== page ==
Cataloging the communication of Asian Elephants
LDC distributes a broad selection of databases, the majority of which are used for human language research and technology development. Our corpus catalog also includes the vocalizations of other animal species. We'd like to highlight the intriguing work behind one such animal communication corpus, Asian Elephant Vocalizations LDC2010S05.
Asian Elephant Vocalizations contains audio recordings of vocalizations by Asian Elephants (Elephas maximus) in Uda Walawe National Park, Sri Lanka. The data was collected by Shermin de Silva as part of her doctoral thesis at the University of Pennsylvania. Recordings were made using a Fostex field recorder with a Sennheiser 'shot-gun' microphone. In addition, de Silva utilized a second dictation microphone that allows observers to narrate what's happening without talking over the elephant recording. The digital files were then downloaded and visualized using the Praat TextGrid Editor, a tool originally developed for studying human speech which has since been adopted by elephant researchers. With Praat, trained annotators are able to characterize call types and extract particular segments for later analysis.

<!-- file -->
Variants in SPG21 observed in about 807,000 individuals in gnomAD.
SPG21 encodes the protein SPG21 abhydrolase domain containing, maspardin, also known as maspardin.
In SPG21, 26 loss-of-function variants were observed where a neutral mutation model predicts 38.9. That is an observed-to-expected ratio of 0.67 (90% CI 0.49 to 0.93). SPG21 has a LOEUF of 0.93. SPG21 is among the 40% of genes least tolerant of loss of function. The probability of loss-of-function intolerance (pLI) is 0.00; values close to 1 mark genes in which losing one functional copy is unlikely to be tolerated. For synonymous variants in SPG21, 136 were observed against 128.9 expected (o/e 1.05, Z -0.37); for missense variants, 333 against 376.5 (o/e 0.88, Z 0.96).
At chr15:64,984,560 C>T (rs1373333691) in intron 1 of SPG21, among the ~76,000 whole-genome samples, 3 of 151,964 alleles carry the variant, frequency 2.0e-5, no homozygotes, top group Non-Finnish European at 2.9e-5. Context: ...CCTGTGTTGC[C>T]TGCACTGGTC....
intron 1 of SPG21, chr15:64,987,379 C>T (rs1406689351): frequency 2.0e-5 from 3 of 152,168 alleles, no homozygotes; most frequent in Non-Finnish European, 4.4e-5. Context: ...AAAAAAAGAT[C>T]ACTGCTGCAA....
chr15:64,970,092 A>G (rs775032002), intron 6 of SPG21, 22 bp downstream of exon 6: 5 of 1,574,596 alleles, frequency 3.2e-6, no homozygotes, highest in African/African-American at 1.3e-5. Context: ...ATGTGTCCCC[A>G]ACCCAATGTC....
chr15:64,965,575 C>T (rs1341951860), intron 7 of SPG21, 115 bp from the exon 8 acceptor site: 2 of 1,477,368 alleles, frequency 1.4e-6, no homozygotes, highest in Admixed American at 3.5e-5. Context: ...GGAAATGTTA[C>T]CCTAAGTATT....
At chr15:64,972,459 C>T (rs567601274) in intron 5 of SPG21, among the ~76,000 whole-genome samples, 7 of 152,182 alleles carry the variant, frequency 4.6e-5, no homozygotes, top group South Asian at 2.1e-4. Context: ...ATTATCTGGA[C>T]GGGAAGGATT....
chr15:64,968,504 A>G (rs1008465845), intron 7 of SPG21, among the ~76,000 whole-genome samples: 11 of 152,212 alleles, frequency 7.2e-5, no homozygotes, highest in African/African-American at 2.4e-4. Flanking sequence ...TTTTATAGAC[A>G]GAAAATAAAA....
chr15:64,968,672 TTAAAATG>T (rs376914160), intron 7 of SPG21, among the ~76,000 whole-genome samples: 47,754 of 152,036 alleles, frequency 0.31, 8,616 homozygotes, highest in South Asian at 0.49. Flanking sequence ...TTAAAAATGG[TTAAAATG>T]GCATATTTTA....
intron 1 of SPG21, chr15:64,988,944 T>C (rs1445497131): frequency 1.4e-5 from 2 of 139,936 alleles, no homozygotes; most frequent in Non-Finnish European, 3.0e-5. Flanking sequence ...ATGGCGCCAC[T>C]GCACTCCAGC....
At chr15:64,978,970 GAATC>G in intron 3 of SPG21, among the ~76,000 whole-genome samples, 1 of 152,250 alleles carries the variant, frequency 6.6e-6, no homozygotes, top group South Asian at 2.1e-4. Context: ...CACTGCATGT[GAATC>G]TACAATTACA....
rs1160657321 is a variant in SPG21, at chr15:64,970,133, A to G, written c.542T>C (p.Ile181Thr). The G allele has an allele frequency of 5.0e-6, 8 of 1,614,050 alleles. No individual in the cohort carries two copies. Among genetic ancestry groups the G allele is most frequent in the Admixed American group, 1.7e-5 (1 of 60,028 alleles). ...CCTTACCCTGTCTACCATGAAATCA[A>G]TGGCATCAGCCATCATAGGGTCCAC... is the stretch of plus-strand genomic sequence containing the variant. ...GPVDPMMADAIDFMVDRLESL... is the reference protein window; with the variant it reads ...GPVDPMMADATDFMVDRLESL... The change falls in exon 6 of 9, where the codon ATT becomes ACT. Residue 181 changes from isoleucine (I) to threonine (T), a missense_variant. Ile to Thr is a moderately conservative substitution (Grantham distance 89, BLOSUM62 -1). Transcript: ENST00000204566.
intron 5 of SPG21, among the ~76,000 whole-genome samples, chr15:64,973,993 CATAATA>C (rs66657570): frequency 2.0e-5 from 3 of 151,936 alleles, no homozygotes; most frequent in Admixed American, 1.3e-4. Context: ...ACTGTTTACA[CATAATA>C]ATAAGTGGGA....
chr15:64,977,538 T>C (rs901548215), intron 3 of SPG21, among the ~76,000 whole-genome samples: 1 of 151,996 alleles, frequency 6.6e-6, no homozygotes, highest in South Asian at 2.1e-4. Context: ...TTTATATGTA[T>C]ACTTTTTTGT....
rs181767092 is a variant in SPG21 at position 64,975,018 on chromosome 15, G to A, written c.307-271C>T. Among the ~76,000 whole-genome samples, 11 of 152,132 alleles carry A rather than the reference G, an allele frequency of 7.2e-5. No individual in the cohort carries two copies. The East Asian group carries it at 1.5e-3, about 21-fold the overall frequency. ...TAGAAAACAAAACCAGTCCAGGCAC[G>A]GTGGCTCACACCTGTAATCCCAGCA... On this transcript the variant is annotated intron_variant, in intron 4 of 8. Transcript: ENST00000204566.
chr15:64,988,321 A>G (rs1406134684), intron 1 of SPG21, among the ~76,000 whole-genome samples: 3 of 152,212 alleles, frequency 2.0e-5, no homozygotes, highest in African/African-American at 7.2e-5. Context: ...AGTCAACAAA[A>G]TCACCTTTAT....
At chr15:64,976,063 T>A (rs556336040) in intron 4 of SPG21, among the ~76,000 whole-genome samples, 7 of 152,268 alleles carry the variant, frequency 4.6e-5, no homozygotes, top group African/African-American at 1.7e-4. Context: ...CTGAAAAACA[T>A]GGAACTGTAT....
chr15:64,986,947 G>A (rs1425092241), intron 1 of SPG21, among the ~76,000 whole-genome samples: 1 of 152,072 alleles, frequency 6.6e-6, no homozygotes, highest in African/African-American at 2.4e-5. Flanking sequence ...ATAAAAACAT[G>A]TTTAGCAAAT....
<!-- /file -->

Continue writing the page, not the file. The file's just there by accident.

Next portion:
Until recently, the majority of research on the behavior of wild elephants focused on one species - the African savannah elephant. There has been comparatively less study of communication in Asian elephants, primarily because the habitat in which Asian elephants typically live makes them more difficult to study than African forest elephants. Asian and African elephants diverged from one another approximately six million years ago and evolved separately in very distinct environments. de Silva's work has shown that Asian elephants have highly dynamic social lives that are markedly different from that of African elephants. Asian elephants tend to form smaller, fragmented groups on a day-to-day basis but maintain long-term pools of companions over many years. Because communication in elephants appears to be largely socially-motivated, differences in social behavior and ecology may also be a source of differences in their vocal behavior and repertoire.
de Silva and her colleagues study elephant communication as an opportunity to understand the evolution of social behavior and communication in a system that is very different from our own primate experience. Human language is only one manifestation of communication in the natural world. Perhaps this is why it is fitting to place animal vocalizations side-by-side with human speech in LDC's catalog. In this way, we can better understand how human language relates to the communicative capabilities of other species.
For further information on Shermin de Silva's current research at the Elephant Forest and Environment Conservation Trust visit: